Proposition 58

After February 15, new law goes into effect

                        Voters End 35-year Inheritance Property Tax Break


For the first time since Proposition 13 passed in 1978, Californians voted to take away a major property tax benefit that allowed parents (Proposition 58) and grandparents (Proposition 193) to transfer residential and commercial properties to their children and grandchildren without reassessment . Over the last ten years 32,405 property owners in Santa Clara County have utilized and benefited from Proposition 58/193.

According to the Legislative Analyst’s Office, an estimated 60,000 to 80,000 property owners statewide have benefited annually avoiding as much as $10 billion in assessed value from reassessment. “Personally, I have always felt it is simply unfair that a parent can transfer a high value commercial property to their kids in addition to their principal residence, and avoid normal reassessment consequences not available to families that do not own shopping centers, office buildings or apartments” said Assessor Larry Stone.

In 2018, a Los Angeles Times investigation revealed that Hollywood celebrities Beau and Jeff Bridges inherited a beautiful a home in Malibu with access to a semi-private beach and panoramic views of the Pacific Ocean from their famous father Lloyd Bridges. The Times investigation revealed the brothers rented the home for $16,000 a month, and their annual tax property taxes were approximately $5,000. This was possible because they inherited their parent’s home many years earlier through the provisions of Proposition 58.

The new law Proposition19, takes effect on February 15, 2021. Assessor Stone is advising property owners if they wish to transfer their principal residence to their children/child and take advantage of the provisions of the current law, they should do so before the law expires.

Many of the provisions of the Proposition 19, are confusing, ambiguous, and conflict with the initial intent. “Proposition 19 was rushed through the Legislature and signed by the Governor in just six days at the end of the legislative session,” said Stone.

A committee of the California Assessors’ Association, led in part by Santa Clara County Assessor’s Office, have been meeting with subject matter experts and attorneys and will engage state legislative leaders for clarity. “It’s a mess and an embarrassment,” said Stone.

“Once the vote is certified by the Secretary of State on December 11, Proposition 58 and Proposition 193 will end and properties transferred after February 15, 2021 will be subject to Proposition 19,” said Stone. Under Proposition 19 only the principal residence (or family farm) is eligible for a reduced assessment. Prior to transferring, the home must be the parent’s principal residence, and become the principal residence of the children/child after the transfer. This is intended to eliminate the “Bridges” loophole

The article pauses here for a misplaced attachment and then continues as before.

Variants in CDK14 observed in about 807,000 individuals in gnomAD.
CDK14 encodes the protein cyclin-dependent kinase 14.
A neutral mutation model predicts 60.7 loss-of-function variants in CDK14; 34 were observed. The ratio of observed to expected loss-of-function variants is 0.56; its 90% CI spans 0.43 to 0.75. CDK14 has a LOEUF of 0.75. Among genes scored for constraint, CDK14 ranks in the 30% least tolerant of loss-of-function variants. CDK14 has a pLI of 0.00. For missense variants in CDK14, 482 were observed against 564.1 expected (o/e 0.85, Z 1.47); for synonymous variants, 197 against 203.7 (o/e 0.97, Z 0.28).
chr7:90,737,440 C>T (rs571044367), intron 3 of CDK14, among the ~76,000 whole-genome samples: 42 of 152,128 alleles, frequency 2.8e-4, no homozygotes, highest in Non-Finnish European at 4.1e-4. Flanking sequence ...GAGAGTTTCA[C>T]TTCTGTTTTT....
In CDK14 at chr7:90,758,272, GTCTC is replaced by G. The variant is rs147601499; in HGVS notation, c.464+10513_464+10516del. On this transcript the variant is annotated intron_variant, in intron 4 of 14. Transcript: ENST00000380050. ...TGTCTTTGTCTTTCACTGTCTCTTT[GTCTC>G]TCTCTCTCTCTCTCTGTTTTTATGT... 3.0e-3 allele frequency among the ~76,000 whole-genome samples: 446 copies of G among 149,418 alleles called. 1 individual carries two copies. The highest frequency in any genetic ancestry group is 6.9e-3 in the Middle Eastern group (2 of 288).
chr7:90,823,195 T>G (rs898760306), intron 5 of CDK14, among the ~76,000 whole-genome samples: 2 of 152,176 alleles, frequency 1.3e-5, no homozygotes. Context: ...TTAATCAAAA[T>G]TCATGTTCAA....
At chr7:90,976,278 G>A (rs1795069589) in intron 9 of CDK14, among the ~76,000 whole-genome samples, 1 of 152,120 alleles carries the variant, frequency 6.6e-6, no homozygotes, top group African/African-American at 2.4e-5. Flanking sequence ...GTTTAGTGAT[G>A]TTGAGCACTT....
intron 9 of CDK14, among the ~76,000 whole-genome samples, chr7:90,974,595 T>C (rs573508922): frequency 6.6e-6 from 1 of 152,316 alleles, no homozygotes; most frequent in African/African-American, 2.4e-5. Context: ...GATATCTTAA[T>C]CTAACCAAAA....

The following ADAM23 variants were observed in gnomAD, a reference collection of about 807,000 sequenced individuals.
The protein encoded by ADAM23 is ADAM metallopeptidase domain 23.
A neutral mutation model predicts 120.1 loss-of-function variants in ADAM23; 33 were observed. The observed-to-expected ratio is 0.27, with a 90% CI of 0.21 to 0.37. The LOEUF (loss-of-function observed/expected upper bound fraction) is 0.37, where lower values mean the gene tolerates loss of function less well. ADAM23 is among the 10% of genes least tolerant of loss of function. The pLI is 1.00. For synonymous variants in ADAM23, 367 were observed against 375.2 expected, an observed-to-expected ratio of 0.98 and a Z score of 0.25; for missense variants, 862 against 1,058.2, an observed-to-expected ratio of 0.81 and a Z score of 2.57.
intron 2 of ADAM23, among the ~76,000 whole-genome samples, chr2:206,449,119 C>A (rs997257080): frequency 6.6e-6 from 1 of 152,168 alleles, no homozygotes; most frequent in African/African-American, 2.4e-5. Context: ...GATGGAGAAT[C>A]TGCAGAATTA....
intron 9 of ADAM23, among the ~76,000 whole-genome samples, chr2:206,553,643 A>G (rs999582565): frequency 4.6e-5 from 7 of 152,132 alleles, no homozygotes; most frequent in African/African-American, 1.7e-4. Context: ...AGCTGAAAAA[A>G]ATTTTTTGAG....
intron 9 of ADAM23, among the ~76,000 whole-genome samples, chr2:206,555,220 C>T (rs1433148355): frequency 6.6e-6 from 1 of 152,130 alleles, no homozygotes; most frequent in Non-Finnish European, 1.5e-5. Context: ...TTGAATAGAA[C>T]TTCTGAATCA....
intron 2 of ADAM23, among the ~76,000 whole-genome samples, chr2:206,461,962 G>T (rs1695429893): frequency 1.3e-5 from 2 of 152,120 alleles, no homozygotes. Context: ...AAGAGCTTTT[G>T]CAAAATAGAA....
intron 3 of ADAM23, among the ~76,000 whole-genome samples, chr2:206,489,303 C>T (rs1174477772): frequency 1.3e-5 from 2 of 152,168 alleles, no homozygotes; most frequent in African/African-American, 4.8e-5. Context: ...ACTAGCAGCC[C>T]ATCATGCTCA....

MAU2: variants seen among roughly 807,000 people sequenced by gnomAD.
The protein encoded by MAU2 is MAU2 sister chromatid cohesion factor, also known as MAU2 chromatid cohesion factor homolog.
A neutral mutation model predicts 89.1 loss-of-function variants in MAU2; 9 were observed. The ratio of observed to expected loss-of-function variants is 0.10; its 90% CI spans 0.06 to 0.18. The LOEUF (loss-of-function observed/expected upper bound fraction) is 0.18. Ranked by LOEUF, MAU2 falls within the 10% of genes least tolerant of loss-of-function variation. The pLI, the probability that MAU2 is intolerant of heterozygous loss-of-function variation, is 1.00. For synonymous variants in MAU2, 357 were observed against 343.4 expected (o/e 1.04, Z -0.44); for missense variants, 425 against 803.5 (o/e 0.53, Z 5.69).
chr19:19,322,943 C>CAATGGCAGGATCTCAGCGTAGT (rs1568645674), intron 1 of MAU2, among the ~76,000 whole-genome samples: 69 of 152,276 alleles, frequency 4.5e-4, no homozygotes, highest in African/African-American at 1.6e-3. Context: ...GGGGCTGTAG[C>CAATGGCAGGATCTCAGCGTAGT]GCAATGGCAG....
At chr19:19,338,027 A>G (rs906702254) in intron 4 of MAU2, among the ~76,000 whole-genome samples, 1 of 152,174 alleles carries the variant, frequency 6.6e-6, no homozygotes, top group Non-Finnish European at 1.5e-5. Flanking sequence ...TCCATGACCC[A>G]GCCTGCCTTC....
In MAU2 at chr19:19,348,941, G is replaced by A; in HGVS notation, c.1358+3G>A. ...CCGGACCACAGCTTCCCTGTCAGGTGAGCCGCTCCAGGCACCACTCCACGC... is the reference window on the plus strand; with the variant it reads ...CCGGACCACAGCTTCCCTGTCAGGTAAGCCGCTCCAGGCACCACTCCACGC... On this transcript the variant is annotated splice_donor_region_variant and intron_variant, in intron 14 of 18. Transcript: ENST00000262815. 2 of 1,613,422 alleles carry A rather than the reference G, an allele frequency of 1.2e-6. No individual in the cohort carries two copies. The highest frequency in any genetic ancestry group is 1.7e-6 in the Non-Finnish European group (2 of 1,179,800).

Unlike Prop 58/193 the benefits in Proposition 19 appear to be limited to the first $1 million of value that would be added upon reassessment of a family home (or family farm). For example, if the Assessed Value (AV) were $250,000 and the market value when transferred was $1 million, the children would retain the $250,000 assessed value.

If the market value exceeds this limit ($1M plus the prior Assessed Value), partial relief is available. For example, a family home that has an assessed value of $300,000 with a market value of $2,500,000 when transferred will result in a new assessed value to the children of $1,500,000. The Proposition 19 benefit methodology is as follows: $300,000 AV + $1,000,000 (Proposition 19 benefit) = $1,300,000. The difference between the market value of $2,500,000 compared to $1,300,000 is $1,200,000. This amount is added to the $300,000 AV. Thus, the adjusted base year value is $1,500,000. Assessors are working with state leaders to confirm this methodology for determining the Proposition 19 benefits.

Answers to many questions about the application of Proposition 58/193 are available on the Assessors website at or the Board of Equalization’s website As property transfers frequently trigger unintended consequences on federal and state taxes property owners are encouraged to see legal advice before transferring. Specific questions about how Proposition 19 will be administered will be posted on the Assessor or Board of Equalization’s website as soon as more information is available. It is anticipated that additional legislation will be required to resolve some of the outstanding issues.

Proposition 19 also expanded benefits allowed for seniors, disabled and victims of disasters to transfer their assessed value to another home anywhere in California. This aspect of Proposition 19 is effective April 1 and the Assessor plans to provide additional information as more information becomes available.

Autumn Young

  • Deputy Assessor
  • Phone: 408-299-5572

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